The price of the top-end E10000 Starfire server, which often commands prices higher than $1 million, has been cut 16 percent, said Sun server marketing head Shahin Khan. Prices for the 3500, 4500, 5500 and 6500 models were cut between 8 percent and 32 percent, he said.
The systems all are based on the older UltraSparc II CPU. They're being cleared out to make way for newer systems using the UltraSparc III chip. The new CPU runs at 750MHz, compared with the 480MHz top speed of its predecessor, and offers other improvements. But Sun is working to fix a glitch in the chip as soon as possible, Khan said.
Sun's product transition, the most important in years, comes amid a slowing technology economy that has hurt Sun as well as its biggest competitors. IBM and Hewlett-Packard have been trying to regain Unix server sales they lost to market leader Sun in the late 1990s, but the market for expensive servers has slowed.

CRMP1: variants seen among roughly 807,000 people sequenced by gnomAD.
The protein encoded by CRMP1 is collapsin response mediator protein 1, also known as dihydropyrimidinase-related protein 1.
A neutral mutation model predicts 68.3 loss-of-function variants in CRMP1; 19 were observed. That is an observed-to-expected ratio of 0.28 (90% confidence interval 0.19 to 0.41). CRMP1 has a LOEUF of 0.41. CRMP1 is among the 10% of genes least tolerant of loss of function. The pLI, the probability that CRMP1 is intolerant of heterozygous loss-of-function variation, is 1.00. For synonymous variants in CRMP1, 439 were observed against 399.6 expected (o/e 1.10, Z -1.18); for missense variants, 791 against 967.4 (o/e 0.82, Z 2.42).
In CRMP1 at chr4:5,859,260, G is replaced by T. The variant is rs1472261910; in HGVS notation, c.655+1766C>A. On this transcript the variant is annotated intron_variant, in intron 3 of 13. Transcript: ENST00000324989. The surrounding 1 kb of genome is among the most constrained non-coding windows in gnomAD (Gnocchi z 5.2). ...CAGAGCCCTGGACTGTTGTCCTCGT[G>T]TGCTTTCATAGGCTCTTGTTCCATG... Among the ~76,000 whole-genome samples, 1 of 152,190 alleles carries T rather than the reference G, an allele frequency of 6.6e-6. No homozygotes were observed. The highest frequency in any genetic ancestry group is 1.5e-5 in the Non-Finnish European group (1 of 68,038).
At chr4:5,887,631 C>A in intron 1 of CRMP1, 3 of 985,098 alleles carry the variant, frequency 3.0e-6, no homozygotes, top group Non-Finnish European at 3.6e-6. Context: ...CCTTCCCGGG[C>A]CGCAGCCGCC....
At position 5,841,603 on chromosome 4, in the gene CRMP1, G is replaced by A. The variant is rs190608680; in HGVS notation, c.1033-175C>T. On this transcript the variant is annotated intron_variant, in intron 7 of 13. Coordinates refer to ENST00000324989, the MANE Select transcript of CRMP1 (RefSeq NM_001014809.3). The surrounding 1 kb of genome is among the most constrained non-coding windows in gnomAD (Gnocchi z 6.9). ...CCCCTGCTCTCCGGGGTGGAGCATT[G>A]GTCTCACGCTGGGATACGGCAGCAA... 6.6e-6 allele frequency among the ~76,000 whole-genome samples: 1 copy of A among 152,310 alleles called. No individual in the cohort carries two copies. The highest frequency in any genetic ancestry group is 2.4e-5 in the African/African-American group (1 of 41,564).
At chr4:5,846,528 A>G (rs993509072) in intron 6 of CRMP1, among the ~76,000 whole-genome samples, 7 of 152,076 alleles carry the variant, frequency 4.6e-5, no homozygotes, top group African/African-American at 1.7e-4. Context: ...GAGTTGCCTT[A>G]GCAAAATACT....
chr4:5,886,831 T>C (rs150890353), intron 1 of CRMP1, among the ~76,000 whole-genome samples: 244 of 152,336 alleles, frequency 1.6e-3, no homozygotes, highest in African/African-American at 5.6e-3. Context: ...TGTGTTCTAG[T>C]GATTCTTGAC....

Sun for years trumpeted its sales to Internet customers, but as many of those companies have collapsed in recent months, Sun has chosen to emphasize that most of its business always has come from large corporations.
Khan acknowledged that the Palo Alto, Calif., company saw the effects of inventory liquidations by expired dot-coms but said those sales were only "a drop in the bucket."
"It may have been a big drop, but it was a drop," he said.
In addition to competition from IBM and HP, Sun faces new competition in North America from Fujitsu Technology Solutions, which sells systems that use the same operating system and often the same chips as Sun's servers. Fujitsu has released a slim 1.75-inch thick server and plans to sell a server with as many as 128 CPUs later this month.